Chemical maker W.R. Grace & Co., which is close to emerging from bankruptcy, reported Tuesday a 3.7 percent decline in first-quarter profit, but its earnings beat Wall Street expectations.
Shares gained 8.8 percent, or $3.63, to close Tuesday at $44.88 on the news. The stock traded as much as 10 percent higher during the day.
Separately, the Columbia-based company said a hearing will be held June 28 at U.S. District Court in Delaware for appeals to Grace's reorganization plan. In late January, a federal bankruptcy judge confirmed the reorganization plan, which also needs to be approved by the District Court.
Grace filed for Chapter 11 protection in 2001, largely due to asbestos-related lawsuits against the company.
"We are confident that this District Court will affirm all the findings and rulings" made by the bankruptcy court, said Grace's chairman and chief executive officer, Fred Festa, during a conference call Tuesday with analysts. "We're working to emerge as soon as possible."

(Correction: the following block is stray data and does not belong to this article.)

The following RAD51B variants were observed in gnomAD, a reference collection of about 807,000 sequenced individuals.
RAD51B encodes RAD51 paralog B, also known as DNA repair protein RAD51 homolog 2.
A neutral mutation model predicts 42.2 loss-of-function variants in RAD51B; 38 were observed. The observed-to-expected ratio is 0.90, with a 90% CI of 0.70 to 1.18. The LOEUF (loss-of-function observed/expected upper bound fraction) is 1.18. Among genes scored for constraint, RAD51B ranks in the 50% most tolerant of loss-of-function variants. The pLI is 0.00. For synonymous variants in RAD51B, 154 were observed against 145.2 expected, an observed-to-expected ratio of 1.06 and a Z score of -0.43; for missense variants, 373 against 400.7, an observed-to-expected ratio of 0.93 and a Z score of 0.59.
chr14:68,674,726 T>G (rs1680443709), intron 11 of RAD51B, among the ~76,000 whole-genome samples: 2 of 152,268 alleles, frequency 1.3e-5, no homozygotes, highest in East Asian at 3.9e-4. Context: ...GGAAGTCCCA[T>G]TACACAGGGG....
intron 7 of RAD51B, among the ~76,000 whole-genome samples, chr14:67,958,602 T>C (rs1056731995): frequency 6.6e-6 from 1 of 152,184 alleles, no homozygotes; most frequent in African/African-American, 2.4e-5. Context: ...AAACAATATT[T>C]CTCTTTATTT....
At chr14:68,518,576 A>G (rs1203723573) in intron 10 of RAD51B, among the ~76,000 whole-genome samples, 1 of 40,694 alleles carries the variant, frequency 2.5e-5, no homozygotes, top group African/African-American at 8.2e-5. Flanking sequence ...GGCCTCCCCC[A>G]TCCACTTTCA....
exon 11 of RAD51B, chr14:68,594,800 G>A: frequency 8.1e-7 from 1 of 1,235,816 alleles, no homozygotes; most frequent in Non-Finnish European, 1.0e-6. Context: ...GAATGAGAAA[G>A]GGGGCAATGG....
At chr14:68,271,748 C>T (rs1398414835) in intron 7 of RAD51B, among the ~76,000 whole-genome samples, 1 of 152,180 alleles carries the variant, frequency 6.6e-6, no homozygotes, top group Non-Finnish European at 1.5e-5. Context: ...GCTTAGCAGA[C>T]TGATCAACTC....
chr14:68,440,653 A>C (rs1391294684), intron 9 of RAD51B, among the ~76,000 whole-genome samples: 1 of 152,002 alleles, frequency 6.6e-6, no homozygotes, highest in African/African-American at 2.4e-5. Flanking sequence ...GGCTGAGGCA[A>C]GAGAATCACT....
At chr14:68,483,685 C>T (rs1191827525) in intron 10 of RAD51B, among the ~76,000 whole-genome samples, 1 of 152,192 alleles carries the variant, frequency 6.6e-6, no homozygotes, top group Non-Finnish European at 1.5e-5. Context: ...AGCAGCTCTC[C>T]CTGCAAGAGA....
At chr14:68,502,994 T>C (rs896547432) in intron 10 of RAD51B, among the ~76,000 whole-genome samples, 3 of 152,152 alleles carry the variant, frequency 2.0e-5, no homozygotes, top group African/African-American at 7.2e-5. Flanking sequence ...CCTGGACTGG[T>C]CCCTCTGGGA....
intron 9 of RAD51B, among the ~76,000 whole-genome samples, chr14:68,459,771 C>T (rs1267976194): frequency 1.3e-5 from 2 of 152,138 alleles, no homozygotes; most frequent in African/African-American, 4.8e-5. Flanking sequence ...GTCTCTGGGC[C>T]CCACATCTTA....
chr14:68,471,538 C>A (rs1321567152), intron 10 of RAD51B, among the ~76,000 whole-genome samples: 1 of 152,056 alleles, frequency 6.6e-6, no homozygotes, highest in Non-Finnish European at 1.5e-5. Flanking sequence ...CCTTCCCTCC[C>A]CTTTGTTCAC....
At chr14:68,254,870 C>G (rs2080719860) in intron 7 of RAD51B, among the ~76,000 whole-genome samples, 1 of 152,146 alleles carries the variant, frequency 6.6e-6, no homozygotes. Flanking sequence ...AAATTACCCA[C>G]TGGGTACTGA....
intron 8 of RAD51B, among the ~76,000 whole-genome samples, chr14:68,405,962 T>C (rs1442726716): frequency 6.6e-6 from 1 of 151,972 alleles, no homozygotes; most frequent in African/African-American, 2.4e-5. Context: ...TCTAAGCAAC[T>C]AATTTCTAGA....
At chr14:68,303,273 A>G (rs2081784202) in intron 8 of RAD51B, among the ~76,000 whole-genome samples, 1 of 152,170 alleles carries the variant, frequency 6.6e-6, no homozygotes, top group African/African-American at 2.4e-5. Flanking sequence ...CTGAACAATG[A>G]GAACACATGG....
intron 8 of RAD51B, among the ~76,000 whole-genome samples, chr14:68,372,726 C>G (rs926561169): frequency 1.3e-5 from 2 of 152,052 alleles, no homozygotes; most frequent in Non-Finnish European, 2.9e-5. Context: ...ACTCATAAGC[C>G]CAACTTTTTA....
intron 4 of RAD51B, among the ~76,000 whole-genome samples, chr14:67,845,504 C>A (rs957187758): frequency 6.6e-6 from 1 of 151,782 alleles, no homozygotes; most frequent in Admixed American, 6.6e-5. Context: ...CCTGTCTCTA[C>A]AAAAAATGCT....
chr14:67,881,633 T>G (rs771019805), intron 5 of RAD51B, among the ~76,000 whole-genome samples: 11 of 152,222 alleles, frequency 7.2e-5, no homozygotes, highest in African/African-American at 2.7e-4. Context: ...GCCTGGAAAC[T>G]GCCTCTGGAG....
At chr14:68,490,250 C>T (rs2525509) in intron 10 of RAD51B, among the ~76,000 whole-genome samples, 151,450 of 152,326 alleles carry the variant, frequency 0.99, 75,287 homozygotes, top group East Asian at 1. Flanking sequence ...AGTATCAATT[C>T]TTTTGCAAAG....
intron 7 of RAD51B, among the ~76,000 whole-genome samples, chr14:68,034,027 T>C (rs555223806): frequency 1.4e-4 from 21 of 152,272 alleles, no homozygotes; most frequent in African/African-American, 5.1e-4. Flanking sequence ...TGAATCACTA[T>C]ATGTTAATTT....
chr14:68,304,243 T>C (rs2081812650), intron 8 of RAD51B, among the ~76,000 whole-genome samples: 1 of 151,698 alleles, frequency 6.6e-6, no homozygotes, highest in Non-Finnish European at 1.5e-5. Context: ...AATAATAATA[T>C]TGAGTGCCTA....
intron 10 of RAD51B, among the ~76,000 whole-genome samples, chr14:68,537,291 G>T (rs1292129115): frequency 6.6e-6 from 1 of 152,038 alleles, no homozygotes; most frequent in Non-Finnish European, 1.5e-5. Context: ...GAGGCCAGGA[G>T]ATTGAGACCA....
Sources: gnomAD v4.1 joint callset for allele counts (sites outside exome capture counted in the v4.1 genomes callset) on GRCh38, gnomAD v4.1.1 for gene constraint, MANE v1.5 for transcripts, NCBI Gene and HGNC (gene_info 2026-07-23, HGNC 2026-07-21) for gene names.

Net income for the three months ending March 31 was $54.2 million, or 72 cents per share, compared with $56.3 million, or 76 cents per share, in the previous year. The company said earnings were higher last year because of an income tax benefit.
Analysts polled by Bloomberg expected 54 cents per share.
Sales were up 13.1 percent to $695.7 million, compared with $614.9 million last year, boosted by increasing revenue in the company's specialty chemicals and materials division and in emerging markets.
Sales in Asia, the Middle East and Latin America represented 32 percent of the company's total sales in the first quarter.
"We feel good about the quarter and the good start to the year," Bill Corcoran, Grace's vice president of public and regulatory affairs, said in an interview.
Grace is well-positioned to take advantage of the growth in the emerging markets, as the countries have invested in their infrastructures, Corcoran said.
Grace's Middle East operations are not based in any of the Arab nations experiencing unrest.
But Grace's operations in Japan were affected by the earthquake in March, which has had a "modest" impact on the company, Corcoran said.
The natural disaster damaged a facility in Sendai, but the plant was operational two weeks later, he said.
A second plant, in Atsugi, suffered no damage, Corcoran said. Grace's 70 employees in Japan were not affected, he added.